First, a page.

That’s one of the fundamental messages contained in the funeral homily below, from Msgr. Charles Pope, of the Archdiocese of Washington.
He writes about his approach here, and explains:
I will admit that some of the things I say are tough. But remember, I only have them once and I have to come right to the point. No one will follow an uncertain trumpet. A very few have criticized my approach by insisting that funerals are sensitive times and we ought just to console the grieving family and say pleasant and encouraging things. Others, especially the older ones come to me and say, “Thanks Father, there are people in my family that needed to hear it!” But in the end I cannot preach either to please or displease man. Rather, I have a conviction that this is what God would have me do. I cannot waste an opportunity to clearly warn, as Jesus often did, that judgment day is coming, and maybe sooner than you or I expect. We have to be ready for, at an hour that we do not expect the Son of Man will come (eg Mat 24:44).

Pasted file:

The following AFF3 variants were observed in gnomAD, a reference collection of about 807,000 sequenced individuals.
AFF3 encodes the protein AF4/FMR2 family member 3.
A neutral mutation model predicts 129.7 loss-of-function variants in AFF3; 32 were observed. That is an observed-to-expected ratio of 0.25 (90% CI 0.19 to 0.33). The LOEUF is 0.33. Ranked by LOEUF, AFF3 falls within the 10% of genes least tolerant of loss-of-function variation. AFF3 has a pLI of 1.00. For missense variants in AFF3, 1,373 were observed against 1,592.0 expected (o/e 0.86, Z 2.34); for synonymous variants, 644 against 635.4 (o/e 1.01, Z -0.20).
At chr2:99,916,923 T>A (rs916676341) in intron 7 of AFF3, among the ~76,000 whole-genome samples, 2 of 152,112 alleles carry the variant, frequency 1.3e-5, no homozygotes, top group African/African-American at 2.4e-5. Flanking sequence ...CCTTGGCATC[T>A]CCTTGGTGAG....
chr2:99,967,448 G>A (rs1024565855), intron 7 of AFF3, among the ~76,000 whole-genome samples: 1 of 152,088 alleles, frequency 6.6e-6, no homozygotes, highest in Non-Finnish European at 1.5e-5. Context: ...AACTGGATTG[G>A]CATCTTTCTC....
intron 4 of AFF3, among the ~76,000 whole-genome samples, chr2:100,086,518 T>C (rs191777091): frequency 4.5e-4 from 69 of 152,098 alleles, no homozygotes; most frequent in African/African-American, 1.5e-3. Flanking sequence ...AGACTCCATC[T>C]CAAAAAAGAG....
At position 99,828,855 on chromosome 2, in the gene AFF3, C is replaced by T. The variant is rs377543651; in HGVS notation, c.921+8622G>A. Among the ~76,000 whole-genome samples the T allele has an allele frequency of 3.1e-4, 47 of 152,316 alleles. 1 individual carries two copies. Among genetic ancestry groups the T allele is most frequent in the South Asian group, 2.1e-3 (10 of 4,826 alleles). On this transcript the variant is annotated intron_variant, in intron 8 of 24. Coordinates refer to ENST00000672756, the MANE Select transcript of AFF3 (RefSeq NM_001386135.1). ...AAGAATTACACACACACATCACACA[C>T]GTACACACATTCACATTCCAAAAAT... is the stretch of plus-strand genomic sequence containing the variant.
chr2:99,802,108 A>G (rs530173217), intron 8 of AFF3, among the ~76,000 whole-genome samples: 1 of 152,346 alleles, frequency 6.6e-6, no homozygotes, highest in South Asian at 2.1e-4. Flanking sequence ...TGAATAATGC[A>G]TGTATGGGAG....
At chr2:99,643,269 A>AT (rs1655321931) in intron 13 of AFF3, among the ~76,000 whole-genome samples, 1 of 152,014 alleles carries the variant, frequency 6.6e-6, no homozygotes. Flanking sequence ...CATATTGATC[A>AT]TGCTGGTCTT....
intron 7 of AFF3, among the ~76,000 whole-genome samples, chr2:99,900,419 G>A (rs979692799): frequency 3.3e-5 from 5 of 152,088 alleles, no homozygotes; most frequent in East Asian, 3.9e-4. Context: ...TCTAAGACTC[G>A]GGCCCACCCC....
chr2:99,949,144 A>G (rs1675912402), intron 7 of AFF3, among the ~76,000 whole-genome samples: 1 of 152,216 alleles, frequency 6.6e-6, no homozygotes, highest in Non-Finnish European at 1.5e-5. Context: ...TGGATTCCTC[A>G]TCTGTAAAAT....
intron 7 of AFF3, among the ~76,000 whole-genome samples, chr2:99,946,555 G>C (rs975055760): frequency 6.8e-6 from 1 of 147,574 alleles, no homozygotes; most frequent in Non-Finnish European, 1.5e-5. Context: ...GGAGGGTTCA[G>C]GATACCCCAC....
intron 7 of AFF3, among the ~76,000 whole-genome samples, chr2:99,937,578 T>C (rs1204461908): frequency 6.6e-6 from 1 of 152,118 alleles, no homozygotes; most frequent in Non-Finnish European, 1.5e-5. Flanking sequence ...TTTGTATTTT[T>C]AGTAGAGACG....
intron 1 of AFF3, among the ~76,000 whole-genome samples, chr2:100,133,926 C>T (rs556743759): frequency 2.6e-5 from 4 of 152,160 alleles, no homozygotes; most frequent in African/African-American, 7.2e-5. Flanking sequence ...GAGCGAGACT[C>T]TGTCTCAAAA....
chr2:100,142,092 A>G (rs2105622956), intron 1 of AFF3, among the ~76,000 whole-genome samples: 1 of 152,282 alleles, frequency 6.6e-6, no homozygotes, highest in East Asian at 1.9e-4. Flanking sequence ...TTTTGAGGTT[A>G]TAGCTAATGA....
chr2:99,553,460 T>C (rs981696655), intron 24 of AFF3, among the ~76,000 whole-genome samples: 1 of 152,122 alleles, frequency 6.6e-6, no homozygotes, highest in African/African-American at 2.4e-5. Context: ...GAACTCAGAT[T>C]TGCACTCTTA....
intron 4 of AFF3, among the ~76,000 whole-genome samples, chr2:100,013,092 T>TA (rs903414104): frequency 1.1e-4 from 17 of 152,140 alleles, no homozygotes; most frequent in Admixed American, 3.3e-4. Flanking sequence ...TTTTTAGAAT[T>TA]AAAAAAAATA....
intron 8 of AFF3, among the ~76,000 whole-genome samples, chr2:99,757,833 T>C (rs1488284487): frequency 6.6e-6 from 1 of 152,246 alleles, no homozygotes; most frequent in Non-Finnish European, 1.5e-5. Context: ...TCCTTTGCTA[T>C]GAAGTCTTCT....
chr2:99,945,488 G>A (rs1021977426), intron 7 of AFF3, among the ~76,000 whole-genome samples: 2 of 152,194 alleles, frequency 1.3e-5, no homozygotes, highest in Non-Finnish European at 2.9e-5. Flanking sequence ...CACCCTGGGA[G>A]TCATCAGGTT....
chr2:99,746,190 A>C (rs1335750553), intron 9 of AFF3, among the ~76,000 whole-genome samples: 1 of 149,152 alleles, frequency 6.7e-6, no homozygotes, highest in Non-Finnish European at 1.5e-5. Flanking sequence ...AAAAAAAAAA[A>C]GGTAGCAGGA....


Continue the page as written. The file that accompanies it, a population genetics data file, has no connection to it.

Strong stuff. And, I think, often necessary. It’s a kind of homiletic tough love. Is it too tough?
Give a listen to part of his homily below. See what you think.